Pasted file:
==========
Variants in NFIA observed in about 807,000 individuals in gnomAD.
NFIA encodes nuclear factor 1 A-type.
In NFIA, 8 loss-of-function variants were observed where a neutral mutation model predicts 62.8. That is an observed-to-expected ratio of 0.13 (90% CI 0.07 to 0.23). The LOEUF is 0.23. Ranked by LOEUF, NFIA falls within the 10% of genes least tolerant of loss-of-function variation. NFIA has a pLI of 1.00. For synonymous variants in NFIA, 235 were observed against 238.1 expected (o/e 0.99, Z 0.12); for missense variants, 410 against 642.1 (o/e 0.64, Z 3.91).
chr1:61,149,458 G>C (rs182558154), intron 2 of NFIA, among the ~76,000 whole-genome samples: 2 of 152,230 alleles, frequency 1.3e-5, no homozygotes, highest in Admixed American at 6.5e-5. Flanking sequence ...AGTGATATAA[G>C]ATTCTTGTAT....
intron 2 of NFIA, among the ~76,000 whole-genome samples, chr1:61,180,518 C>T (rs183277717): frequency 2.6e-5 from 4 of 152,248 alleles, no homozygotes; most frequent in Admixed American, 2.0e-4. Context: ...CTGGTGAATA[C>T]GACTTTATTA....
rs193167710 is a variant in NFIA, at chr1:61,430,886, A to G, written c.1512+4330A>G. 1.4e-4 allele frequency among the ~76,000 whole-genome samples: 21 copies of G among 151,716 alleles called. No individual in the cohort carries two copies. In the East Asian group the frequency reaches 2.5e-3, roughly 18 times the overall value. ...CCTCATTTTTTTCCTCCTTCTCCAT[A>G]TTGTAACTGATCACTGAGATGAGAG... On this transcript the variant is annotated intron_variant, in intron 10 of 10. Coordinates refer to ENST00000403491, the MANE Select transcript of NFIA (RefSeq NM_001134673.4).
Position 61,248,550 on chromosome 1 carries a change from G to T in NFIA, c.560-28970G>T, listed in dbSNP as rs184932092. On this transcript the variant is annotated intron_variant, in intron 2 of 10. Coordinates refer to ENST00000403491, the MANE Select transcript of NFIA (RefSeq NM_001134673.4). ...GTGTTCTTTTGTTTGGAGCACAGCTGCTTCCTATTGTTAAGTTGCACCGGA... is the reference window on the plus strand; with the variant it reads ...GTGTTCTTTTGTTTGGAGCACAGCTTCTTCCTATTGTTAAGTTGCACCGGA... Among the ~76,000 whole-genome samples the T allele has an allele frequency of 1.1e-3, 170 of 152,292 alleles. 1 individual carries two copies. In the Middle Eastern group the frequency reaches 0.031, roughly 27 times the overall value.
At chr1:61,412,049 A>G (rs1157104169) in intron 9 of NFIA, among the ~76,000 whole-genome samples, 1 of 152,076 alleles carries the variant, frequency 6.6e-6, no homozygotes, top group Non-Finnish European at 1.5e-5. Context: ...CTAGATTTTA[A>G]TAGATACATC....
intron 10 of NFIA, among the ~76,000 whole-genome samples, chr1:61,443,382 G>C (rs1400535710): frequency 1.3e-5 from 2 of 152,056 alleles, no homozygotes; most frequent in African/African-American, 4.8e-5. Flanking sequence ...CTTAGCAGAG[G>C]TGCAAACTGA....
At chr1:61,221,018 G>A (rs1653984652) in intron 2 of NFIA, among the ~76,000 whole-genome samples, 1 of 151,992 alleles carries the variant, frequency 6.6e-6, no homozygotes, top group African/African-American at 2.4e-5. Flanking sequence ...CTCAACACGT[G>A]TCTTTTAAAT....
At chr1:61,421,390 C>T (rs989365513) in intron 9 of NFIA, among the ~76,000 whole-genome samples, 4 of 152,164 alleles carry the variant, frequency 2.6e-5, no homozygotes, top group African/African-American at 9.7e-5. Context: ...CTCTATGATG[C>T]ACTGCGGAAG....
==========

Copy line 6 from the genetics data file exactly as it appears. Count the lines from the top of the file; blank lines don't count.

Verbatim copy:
rs193167710 is a variant in NFIA, at chr1:61,430,886, A to G, written c.1512+4330A>G. 1.4e-4 allele frequency among the ~76,000 whole-genome samples: 21 copies of G among 151,716 alleles called. No individual in the cohort carries two copies. In the East Asian group the frequency reaches 2.5e-3, roughly 18 times the overall value. ...CCTCATTTTTTTCCTCCTTCTCCAT[A>G]TTGTAACTGATCACTGAGATGAGAG... On this transcript the variant is annotated intron_variant, in intron 10 of 10. Coordinates refer to ENST00000403491, the MANE Select transcript of NFIA (RefSeq NM_001134673.4).